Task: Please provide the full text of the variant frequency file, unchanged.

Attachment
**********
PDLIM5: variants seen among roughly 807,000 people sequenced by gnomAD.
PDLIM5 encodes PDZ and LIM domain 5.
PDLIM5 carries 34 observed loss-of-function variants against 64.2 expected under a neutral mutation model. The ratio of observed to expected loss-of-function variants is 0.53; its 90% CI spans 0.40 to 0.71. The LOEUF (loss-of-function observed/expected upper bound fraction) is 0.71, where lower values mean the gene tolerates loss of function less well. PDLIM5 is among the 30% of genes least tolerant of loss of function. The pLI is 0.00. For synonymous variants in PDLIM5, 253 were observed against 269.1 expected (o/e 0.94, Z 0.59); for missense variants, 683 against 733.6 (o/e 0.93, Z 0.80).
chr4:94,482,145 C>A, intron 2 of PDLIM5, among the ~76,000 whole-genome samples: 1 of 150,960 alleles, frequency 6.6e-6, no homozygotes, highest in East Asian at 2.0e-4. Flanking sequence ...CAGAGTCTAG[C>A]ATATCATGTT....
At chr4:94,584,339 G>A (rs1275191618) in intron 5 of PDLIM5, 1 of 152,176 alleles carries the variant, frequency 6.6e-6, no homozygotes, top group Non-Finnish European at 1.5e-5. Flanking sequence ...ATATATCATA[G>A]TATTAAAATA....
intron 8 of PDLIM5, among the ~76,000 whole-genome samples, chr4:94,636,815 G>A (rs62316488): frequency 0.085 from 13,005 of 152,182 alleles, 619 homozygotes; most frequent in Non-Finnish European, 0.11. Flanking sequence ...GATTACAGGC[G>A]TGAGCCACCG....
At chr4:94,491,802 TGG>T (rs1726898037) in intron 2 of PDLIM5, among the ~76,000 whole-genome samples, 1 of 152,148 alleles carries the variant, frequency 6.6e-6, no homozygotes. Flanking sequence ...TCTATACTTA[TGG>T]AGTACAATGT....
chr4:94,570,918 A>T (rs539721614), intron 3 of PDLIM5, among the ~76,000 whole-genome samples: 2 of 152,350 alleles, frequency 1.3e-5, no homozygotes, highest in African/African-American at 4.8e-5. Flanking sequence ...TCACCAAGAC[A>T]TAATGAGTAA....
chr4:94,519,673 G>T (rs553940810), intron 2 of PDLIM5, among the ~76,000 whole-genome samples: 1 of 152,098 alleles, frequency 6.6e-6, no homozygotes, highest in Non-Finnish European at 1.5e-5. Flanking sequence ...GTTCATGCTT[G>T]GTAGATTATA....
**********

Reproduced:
PDLIM5: variants seen among roughly 807,000 people sequenced by gnomAD.
PDLIM5 encodes PDZ and LIM domain 5.
PDLIM5 carries 34 observed loss-of-function variants against 64.2 expected under a neutral mutation model. The ratio of observed to expected loss-of-function variants is 0.53; its 90% CI spans 0.40 to 0.71. The LOEUF (loss-of-function observed/expected upper bound fraction) is 0.71, where lower values mean the gene tolerates loss of function less well. PDLIM5 is among the 30% of genes least tolerant of loss of function. The pLI is 0.00. For synonymous variants in PDLIM5, 253 were observed against 269.1 expected (o/e 0.94, Z 0.59); for missense variants, 683 against 733.6 (o/e 0.93, Z 0.80).
chr4:94,482,145 C>A, intron 2 of PDLIM5, among the ~76,000 whole-genome samples: 1 of 150,960 alleles, frequency 6.6e-6, no homozygotes, highest in East Asian at 2.0e-4. Flanking sequence ...CAGAGTCTAG[C>A]ATATCATGTT....
At chr4:94,584,339 G>A (rs1275191618) in intron 5 of PDLIM5, 1 of 152,176 alleles carries the variant, frequency 6.6e-6, no homozygotes, top group Non-Finnish European at 1.5e-5. Flanking sequence ...ATATATCATA[G>A]TATTAAAATA....
intron 8 of PDLIM5, among the ~76,000 whole-genome samples, chr4:94,636,815 G>A (rs62316488): frequency 0.085 from 13,005 of 152,182 alleles, 619 homozygotes; most frequent in Non-Finnish European, 0.11. Flanking sequence ...GATTACAGGC[G>A]TGAGCCACCG....
At chr4:94,491,802 TGG>T (rs1726898037) in intron 2 of PDLIM5, among the ~76,000 whole-genome samples, 1 of 152,148 alleles carries the variant, frequency 6.6e-6, no homozygotes. Flanking sequence ...TCTATACTTA[TGG>T]AGTACAATGT....
chr4:94,570,918 A>T (rs539721614), intron 3 of PDLIM5, among the ~76,000 whole-genome samples: 2 of 152,350 alleles, frequency 1.3e-5, no homozygotes, highest in African/African-American at 4.8e-5. Flanking sequence ...TCACCAAGAC[A>T]TAATGAGTAA....
chr4:94,519,673 G>T (rs553940810), intron 2 of PDLIM5, among the ~76,000 whole-genome samples: 1 of 152,098 alleles, frequency 6.6e-6, no homozygotes, highest in Non-Finnish European at 1.5e-5. Flanking sequence ...GTTCATGCTT[G>T]GTAGATTATA....